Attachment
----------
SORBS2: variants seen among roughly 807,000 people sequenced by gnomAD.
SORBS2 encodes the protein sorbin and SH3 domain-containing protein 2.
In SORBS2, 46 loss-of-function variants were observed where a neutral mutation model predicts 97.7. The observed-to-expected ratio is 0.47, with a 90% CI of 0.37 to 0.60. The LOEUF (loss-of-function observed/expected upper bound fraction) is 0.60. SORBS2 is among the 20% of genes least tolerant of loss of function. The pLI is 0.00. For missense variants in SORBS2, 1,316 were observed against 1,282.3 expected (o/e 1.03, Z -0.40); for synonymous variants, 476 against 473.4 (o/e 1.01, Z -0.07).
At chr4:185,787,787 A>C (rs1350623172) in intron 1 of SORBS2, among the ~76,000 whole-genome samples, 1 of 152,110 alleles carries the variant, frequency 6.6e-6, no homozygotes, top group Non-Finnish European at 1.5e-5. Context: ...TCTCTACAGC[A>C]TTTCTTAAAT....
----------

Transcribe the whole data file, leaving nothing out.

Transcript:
SORBS2: variants seen among roughly 807,000 people sequenced by gnomAD.
SORBS2 encodes the protein sorbin and SH3 domain-containing protein 2.
In SORBS2, 46 loss-of-function variants were observed where a neutral mutation model predicts 97.7. The observed-to-expected ratio is 0.47, with a 90% CI of 0.37 to 0.60. The LOEUF (loss-of-function observed/expected upper bound fraction) is 0.60. SORBS2 is among the 20% of genes least tolerant of loss of function. The pLI is 0.00. For missense variants in SORBS2, 1,316 were observed against 1,282.3 expected (o/e 1.03, Z -0.40); for synonymous variants, 476 against 473.4 (o/e 1.01, Z -0.07).
At chr4:185,787,787 A>C (rs1350623172) in intron 1 of SORBS2, among the ~76,000 whole-genome samples, 1 of 152,110 alleles carries the variant, frequency 6.6e-6, no homozygotes, top group Non-Finnish European at 1.5e-5. Context: ...TCTCTACAGC[A>C]TTTCTTAAAT....